The next loop of the Figure 8 swings the globe so that the N Pole moves in the other direction, putting the globe again at a tilt but this time in the other direction. This tilt is discernable in weather maps of Europe, again along a diagonal line. Depending upon air pressure and temperature differences, the weather on either side of this diagonal line may be suddenly warm or suddenly cold. The tilt and diagonal line lingers to affect much of the US and Canada, but the Figure 8 changes at this point to be an up and down motion, pulling the geographic N Pole south so the US is experiencing a warmer than expected winter under a stronger Sun. Then the cycle repeats, with the magnetic N Pole of Earth pushed violently away again as the Sun is positioned over the Pacific.

 

From the ZetaTalk Chat Q&A for April 6, 2013:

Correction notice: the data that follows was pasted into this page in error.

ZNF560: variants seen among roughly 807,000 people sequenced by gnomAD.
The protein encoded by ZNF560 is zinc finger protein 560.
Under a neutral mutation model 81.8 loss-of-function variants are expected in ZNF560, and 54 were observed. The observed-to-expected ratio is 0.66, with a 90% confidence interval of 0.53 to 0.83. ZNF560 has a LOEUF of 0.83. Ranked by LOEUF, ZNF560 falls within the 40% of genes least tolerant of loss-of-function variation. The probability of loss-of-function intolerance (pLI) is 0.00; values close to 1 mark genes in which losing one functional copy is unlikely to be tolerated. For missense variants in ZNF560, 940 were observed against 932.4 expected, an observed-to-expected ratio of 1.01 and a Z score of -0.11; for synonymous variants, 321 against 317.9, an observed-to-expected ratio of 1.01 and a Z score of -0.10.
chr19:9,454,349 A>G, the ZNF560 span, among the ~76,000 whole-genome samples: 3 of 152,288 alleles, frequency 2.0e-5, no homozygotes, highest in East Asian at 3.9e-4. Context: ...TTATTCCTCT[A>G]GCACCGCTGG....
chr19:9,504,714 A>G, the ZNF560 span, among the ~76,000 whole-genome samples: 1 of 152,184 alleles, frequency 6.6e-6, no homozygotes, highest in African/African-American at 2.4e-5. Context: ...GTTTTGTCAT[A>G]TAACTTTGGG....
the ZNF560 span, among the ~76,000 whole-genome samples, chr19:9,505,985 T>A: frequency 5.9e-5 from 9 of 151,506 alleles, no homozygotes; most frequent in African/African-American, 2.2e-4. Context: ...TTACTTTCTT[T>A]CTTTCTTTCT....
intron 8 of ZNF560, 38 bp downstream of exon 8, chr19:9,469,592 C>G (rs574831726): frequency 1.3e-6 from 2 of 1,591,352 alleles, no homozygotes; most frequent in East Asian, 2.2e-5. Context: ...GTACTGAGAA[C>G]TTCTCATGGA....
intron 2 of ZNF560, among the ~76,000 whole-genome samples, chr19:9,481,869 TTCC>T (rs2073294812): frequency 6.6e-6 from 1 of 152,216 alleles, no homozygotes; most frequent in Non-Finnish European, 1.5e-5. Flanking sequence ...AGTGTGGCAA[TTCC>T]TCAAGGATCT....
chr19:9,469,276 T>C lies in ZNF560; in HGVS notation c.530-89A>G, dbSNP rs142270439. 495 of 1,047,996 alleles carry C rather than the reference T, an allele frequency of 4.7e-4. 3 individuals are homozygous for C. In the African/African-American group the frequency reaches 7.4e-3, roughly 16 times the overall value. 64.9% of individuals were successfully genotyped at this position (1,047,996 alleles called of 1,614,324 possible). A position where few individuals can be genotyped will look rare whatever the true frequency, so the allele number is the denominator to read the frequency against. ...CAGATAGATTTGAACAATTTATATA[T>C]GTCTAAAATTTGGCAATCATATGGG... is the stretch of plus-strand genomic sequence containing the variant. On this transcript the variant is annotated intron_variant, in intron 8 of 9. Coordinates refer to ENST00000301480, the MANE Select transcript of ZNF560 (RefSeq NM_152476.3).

Would the Zetas be able to let us know what is causing the early break-up of the Arctic Ice, the ice seems to have taken on a swirling pattern at the same time, would this be wobble related? [and from another] http://www.vancouversun.com/news/national/Canada+Arctic+cracks+spec... The ice in Canada’s western Arctic ripped open in a massive “fracturing event” this spring that spread like a wave across 1,000 kilometres of the Beaufort Sea. Huge leads of water – some more than 500 kilometres long and as much as 70 kilometres across – opened up from Alaska to Canada’s Arctic islands as the massive ice sheet cracked as it was pushed around by strong winds and currents. It took just seven days for the fractures to progress across the entire area from west to east. [and from another] http://earthobservatory.nasa.gov/IOTD/view.php?id=80752&src=iot... A high-pressure weather system was parked over the region, producing warmer temperatures and winds that flowed in a southwesterly direction. That fueled the Beaufort Gyre, a wind-driven ocean current that flows clockwise. The gyre was the key force pulling pieces of ice west past Point Barrow, the northern nub of Alaska that protrudes into the Beaufort Sea.